You probably don't even want the latest version on all devices, immediately. Sometimes minor firmware versions are released (e.g. v0.51 and v0.52 here), in order to patch a specific, urgent problem that only one, important customer is experiencing. Because of the urgency, this version may have undergone, shall we say, less-than-exhaustive testing - a calculated risk worth taking for that one customer perhaps, but not across the whole device estate for customers who are perfectly happy with their current version, as any upgrade is not without risk, having a finite chance of regressions and/or of leaving some devices in a non-functional state.
Even regular, major firmware upgrades probably shouldn't be rolled-out to all devices, immediately - even if we could - because the real world will test your devices far more thoroughly than any in-house tests possibly can. Therefore it is prudent to roll out to only a fraction of your customer base (perhaps 5%), and then wait a week or two while watching all the service management KPIs and customer reports carefully, to ensure that there aren't any unexpected regressions. Combined with the challenge of getting any release to 100% of the estate, this tends to lead to an "S-shape" curve for firmware deployment - cautiously-slow at first, then getting to the majority as fast as possible, then a long tail of stragglers that are hard to get upgraded:
Measure, measure, measure
Of course, a key concept behind managing software is the ability to measure how good it is - which means measuring the actual customer experience in the field. As I said above, the real world will test your software far better than any in-house tests can possibly achieve, and this is especially true for IoT software because devices are exposed to such a wide range of uncontrolled externalities, including environmental factors and 3rd-party equipment, as well as user behaviour. But we can take advantage of all this extra in-the-field testing if we actually gather all that data, live, from our entire estate of connected devices.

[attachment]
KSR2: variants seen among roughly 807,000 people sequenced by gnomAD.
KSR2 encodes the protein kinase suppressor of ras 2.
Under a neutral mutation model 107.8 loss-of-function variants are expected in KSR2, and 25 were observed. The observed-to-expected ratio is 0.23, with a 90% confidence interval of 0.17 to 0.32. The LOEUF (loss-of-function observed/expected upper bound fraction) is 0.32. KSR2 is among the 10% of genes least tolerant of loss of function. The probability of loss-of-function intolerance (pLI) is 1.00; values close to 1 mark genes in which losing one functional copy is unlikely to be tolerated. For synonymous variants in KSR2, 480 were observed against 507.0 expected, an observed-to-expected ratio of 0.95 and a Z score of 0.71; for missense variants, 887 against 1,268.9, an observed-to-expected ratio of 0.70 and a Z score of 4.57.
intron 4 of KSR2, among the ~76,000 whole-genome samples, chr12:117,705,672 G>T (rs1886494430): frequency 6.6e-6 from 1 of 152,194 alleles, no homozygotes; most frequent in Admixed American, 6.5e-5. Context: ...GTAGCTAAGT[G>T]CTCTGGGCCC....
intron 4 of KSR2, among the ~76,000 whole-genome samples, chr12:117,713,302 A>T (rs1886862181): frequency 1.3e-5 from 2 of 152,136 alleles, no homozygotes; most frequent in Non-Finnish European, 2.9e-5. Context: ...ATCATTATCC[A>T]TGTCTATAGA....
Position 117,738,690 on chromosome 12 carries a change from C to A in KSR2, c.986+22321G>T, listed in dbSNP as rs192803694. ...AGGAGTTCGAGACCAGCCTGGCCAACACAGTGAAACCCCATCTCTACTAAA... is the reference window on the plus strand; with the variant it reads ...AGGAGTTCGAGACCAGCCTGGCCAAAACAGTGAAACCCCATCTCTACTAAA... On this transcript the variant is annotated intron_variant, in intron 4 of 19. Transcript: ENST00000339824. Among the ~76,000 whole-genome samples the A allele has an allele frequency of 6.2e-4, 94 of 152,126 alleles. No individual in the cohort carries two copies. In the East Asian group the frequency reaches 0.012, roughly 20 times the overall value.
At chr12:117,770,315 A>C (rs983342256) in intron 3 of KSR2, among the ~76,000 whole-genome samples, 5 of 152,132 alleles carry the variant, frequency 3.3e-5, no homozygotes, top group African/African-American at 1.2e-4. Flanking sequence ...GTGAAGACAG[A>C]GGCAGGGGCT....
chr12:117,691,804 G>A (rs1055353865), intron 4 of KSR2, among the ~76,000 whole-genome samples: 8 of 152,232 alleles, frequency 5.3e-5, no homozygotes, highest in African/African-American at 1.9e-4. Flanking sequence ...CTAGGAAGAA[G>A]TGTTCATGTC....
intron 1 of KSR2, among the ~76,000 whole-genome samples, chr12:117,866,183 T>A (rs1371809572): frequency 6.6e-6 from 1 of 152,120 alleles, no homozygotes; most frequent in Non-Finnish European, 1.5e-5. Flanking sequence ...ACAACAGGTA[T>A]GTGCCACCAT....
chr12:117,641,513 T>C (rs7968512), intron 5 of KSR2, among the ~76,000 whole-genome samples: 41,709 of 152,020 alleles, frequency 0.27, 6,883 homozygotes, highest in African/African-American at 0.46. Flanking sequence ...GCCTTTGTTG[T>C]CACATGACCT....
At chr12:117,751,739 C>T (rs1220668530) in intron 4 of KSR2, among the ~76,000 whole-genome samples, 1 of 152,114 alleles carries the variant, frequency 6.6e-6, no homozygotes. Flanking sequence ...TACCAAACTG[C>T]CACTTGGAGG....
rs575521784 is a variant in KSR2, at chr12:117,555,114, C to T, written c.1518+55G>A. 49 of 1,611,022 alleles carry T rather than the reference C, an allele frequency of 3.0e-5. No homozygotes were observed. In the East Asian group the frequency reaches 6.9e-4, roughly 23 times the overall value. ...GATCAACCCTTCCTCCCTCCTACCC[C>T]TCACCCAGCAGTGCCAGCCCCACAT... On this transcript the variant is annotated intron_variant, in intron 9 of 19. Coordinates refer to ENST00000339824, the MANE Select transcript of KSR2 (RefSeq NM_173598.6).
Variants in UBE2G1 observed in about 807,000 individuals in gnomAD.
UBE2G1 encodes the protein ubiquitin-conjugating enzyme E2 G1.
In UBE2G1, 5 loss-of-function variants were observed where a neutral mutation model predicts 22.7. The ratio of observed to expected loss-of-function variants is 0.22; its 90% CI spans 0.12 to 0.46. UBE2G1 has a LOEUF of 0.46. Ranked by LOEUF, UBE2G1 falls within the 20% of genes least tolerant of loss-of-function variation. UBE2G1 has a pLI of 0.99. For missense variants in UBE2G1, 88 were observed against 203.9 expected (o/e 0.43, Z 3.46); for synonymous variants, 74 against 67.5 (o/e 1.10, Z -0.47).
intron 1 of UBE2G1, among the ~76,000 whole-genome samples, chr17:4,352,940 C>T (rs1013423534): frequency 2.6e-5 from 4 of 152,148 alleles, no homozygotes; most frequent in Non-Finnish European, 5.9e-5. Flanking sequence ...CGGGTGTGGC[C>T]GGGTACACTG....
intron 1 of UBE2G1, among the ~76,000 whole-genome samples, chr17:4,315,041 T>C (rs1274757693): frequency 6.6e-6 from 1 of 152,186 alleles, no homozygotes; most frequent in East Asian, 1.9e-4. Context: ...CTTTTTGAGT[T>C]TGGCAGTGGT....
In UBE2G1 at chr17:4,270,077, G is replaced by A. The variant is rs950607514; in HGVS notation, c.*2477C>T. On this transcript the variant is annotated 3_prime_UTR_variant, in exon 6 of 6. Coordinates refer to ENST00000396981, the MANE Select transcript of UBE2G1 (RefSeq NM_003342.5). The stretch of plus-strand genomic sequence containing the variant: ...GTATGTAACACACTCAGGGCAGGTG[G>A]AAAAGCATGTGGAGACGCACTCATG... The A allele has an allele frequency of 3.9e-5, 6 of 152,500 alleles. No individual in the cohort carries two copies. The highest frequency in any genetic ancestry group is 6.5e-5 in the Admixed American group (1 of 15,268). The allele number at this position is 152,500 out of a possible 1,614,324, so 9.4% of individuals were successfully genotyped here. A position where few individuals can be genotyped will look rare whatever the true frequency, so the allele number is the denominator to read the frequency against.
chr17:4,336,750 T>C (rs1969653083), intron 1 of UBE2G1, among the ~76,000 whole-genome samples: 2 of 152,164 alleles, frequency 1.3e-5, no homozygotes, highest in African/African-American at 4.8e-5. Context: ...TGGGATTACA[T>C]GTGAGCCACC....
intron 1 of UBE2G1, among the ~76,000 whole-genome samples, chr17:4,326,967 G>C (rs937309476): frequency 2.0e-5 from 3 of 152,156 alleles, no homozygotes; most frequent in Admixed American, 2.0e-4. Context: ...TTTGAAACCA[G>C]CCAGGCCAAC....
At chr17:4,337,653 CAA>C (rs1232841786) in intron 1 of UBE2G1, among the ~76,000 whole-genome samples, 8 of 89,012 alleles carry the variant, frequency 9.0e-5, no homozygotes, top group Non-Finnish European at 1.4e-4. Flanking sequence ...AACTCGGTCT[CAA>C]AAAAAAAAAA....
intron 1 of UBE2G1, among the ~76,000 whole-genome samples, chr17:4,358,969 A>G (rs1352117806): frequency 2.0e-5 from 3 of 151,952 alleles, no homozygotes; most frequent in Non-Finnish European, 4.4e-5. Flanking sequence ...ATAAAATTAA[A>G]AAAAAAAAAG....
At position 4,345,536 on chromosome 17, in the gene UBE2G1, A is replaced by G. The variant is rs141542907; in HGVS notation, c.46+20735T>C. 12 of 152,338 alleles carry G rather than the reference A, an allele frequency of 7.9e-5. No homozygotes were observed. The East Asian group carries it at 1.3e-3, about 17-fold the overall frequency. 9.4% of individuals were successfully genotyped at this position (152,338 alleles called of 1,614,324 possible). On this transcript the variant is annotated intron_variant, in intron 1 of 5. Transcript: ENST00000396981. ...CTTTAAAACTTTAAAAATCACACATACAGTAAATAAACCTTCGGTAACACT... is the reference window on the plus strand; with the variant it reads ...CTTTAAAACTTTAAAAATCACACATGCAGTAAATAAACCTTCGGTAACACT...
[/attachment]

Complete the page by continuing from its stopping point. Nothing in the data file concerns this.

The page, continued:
Luckily, DevicePilot provides the ability to do exactly that - to measure the quality of each software version in the field, even though devices are constantly being upgraded. It can produce charts like that below, which shows the up-time of devices by software version. Up-time is probably the simplest metric, but equally we could analyse for fault states or other criteria. We can see at a glance that v0.5 suffered some serious regression (though we should also consider statistical-significance, if the number of devices running that version was small).
Think for a moment about how this is calculated. Right now a particular device might be working, but it was not working for most of the past month. This is why it's not sufficient to run your business based only on a live snapshot - you have to capture and analyse historical data, too, because performance is always measured over some period of time - one month in this case. And during that period, lots will change - including software versions on some devices.
So it's not as simple as just selecting devices according to their current firmware version, because e.g. a specific device might have been running v0.4 at the start of the period but then been upgraded to v0.5 half way through the period, and its performance may have changed accordingly. So the "group by version" analysis needs to be dynamic in time - something that regular databases struggle to achieve, but which DevicePilot was built to do, because it's a natural question in Service Managment.
Managing software versions is an ongoing task for any device estate, and there is a balance to be struck between the effort, cost and inconvenience of getting as many devices as possible upgraded, versus the effort and reputational damage that comes from having a confusing array of ageing software versions running across the device estate.
DevicePilot makes it easy to build charts like those shown here to fully understand the quality of software versions old and new, as well as tools and techniques to proactively manage individual firmware upgrade campaigns, measuring their progress and spotting any regressions quickly.
End result: Happier customers, with less effort.